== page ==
Neighbours and advocates are relieved after officials removed 11 hunting dogs from Minden properties during an animal welfare investigation.
Officials removed the dogs Feb. 13, due to the owner not complying with orders relating to standards of care, according to the Ministry of the Solicitor General. Fourteen dogs were initially chained to insulated dog houses on an uninhabited property, according to the property owner. The ministry said the dogs were brought to humane societies, but no information was available on the three dogs unaccounted for as of Feb. 18.
Shanna Dryburgh was one of the neighbours who originally reported the issue Jan. 22 due to concern over the dogs’ conditions. She said it’s bittersweet seeing the dogs removed.
“In the back of my mind, I didn’t want anything to be wrong,” Dryburgh said, adding she feels bad for the property owner. “But it’s a relief that there’s an acknowledgement. (Dogs) being left unattended in this community is not something hopefully, going forward, that will be tolerated.”
The property owner could not be reached for comment after his dogs’ removal. In an interview before the dogs were taken, he said his setup is common among hunters. He also said his dogs were in good health, and he attended the property twice a day.
Officials did not initially seize the dogs. An OPP press release Jan. 30 said animal welfare investigators were working with the property owner to improve property conditions.
Dryburgh described the public response as “overwhelming.” A video of the dogs went viral, attracting tens of thousands of shares and comments on Facebook. One online petition, calling for an investigation as to why the dogs were not initially removed, garnered 10,023 signatures.
She said she still has concerns about how the officials handled the investigation and believes they should have taken the dogs right away.
“It would have stopped all the public outcry,” she said, adding the owner could get the dogs back after fixing any issues with their habitat. “It’s better to err on the side of caution and just get them out of there.”
The Ministry of the Solicitor General said Feb. 11 a veterinarian was called to two Minden properties to aid the investigation. But the Jan. 30 OPP press release makes no mention of a vet. After being asked whether a vet was called when investigators first attended the site, the ministry said it could not comment as it is an ongoing investigation.
Advocate: outcry made a difference
Lynn Perrier is a long-time animal welfare advocate who started the petition. She said she feels the public outcry made a difference in how the ministry handled the case
“We had over 10,000 signatures in two days. There’s no way that any government can ignore that,” Perrier said.
The case came in a time of transition for animal welfare in the province. The Provincial Animal Welfare Services (PAWS) Act came into effect Jan. 1, putting enforcement in the hands of the province instead of the Ontario Society for the Prevention of Cruelty to Animals (OSPCA).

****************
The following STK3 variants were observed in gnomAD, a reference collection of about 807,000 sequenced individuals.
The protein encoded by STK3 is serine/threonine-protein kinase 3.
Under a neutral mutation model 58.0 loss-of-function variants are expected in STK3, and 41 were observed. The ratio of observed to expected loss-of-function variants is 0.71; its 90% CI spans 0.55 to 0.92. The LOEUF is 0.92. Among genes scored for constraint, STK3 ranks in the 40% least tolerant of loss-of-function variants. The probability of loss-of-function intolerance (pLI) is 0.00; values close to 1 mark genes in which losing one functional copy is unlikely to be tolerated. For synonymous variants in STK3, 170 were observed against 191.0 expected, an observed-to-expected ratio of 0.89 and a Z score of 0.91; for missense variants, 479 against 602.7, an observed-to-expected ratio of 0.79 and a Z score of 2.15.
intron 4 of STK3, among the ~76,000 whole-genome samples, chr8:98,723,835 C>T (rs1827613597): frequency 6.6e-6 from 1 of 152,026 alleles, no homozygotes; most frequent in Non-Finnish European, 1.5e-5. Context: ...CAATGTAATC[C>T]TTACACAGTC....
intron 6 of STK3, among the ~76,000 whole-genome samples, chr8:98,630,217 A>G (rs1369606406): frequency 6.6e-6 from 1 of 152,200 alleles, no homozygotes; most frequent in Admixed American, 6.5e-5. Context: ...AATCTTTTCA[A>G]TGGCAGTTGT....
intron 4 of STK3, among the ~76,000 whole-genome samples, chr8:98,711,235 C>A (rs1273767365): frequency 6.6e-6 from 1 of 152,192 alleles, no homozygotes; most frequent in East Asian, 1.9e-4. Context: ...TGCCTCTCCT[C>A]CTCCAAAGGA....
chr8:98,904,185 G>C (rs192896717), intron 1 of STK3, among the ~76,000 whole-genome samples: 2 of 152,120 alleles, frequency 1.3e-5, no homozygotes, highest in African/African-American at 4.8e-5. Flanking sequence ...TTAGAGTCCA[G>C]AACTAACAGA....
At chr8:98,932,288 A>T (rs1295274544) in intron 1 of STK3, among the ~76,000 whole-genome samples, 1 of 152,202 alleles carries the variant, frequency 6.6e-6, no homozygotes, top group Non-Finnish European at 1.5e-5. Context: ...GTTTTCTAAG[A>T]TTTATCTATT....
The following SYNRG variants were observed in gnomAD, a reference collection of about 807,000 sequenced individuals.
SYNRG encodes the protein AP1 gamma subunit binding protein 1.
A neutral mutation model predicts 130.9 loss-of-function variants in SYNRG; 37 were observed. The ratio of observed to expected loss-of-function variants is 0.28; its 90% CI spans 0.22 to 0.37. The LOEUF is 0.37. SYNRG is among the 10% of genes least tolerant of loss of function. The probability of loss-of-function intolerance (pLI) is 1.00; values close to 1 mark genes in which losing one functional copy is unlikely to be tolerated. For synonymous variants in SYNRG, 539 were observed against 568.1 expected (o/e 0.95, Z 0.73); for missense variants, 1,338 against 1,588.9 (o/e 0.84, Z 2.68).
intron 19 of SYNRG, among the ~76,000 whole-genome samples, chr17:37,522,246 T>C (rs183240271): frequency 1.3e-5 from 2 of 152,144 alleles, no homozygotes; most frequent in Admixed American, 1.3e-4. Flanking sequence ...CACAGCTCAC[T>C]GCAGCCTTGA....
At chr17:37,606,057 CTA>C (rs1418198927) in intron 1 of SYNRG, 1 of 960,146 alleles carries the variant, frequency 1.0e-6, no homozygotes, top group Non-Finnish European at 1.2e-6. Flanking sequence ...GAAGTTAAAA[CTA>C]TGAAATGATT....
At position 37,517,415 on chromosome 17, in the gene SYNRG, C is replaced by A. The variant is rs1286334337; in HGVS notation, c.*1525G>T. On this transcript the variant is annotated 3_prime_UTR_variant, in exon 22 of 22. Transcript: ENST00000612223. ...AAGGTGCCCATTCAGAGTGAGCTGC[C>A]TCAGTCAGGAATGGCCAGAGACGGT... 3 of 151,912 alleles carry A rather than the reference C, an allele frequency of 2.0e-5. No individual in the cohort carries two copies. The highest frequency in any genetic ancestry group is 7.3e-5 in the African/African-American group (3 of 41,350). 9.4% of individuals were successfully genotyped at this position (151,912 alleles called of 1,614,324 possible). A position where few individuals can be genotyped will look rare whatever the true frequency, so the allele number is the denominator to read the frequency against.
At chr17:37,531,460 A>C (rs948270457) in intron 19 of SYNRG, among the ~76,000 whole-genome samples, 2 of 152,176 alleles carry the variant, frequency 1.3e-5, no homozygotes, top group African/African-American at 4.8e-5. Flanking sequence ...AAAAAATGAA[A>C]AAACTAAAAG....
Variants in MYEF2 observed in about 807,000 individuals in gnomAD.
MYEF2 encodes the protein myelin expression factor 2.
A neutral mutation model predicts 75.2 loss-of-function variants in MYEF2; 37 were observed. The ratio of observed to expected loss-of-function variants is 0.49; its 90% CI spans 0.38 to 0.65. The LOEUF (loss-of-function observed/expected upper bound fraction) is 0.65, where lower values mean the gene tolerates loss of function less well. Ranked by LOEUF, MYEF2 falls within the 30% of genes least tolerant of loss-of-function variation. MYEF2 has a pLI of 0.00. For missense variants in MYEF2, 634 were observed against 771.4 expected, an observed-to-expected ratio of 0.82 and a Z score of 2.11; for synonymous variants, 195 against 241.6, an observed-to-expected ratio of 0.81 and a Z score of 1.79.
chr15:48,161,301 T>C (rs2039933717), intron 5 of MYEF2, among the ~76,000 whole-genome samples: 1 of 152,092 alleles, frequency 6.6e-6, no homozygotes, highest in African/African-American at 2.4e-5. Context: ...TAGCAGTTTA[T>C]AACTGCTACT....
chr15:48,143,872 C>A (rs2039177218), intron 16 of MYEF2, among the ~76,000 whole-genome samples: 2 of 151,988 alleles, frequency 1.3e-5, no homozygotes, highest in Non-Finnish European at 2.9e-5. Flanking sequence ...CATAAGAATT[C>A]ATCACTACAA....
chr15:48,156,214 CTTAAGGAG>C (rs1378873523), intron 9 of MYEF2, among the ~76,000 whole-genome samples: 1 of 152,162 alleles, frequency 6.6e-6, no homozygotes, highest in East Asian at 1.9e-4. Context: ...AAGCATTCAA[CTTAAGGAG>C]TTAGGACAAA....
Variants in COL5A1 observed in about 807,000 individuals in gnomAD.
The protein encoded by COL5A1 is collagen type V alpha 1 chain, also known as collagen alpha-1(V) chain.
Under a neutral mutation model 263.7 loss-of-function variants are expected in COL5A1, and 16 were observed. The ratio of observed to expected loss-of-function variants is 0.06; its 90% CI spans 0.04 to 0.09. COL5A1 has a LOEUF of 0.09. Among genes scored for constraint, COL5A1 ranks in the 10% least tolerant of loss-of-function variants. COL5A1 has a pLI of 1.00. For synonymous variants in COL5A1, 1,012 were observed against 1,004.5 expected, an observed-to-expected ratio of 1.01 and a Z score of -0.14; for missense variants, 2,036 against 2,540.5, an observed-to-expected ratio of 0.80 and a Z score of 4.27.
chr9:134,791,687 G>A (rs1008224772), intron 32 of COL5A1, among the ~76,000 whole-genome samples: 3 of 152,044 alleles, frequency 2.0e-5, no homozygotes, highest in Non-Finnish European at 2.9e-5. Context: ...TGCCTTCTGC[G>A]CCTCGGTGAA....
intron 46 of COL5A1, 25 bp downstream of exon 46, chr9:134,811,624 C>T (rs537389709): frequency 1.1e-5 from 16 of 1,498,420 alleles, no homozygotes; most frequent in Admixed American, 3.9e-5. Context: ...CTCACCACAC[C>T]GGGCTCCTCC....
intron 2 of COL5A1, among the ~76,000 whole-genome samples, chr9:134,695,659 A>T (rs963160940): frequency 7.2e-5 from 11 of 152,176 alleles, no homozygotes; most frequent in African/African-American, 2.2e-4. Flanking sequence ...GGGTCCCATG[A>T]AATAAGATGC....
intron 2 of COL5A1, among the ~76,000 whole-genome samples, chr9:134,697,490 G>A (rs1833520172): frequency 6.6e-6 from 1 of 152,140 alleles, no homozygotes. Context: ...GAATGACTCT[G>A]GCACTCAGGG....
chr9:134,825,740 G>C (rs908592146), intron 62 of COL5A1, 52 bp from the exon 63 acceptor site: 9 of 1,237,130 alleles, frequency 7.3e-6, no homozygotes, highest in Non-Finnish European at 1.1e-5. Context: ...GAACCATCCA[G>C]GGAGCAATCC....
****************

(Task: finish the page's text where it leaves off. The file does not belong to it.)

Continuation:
Perrier said the new act has loopholes, as evidenced by this case. But she added the act is a good framework and the province will need more time to add more regulations for animal care.
“They really are totally inexperienced with this and I think we need to have patience,” Perrier said. “I have no doubt that eventually, we’re going to have an animal welfare system that is the best in Canada, but it’s going to take time.”
Laws come under scrutiny
The situation has put a new focus on the practice of tethering, or chaining dogs. It’s legal in Ontario, but another online petition, which cites this case, is calling for tethering to be banned. It has amassed more than 40,000 signatures.
In its code of practice for kennels, the Canadian Veterinary Medical Association (CMVA) said tethering is not allowed as a method of confining a dog to a primary enclosure, nor as the only means of containment. It also recommends dogs be monitored while tethered, and tethers be five times the length of a dog.
The Ontario Federation of Anglers and Hunters (OFAH) does not have a position on tethering, according to resources management specialist Lauren Tonelli.
But the OFAH is working on a new code of conduct for hunting dogs. Tonelli said the code will provide best practice, including for the training and care of hunting dogs. Outdoor care will also be mentioned.
“Really that idea of a weather-appropriate shelter, making sure they do have somewhere warm and out of the elements and somewhere they can always access water,” Tonelli said.
She said the OFAH is aware of the Minden case but could not comment on it specifically. She also said concerns raised by a situation such as this are broader than hunting.
“If anyone ever sees a situation where they’re concerned about the treatment of any animal, they should be contacting either their local municipality or the OPP,” she said. “It’s not a hunting dog issue, it’s a dog owner issue.”
Minden bylaws are also coming under scrutiny. The municipality restricts rural properties to nine dogs, besides kennels. But Dryburgh said even nine is too many and plans to make a delegation to council.
“At nine dogs, there are sanitary issues, there are noise issues,” Dryburgh said. “It’s just a crazy number.”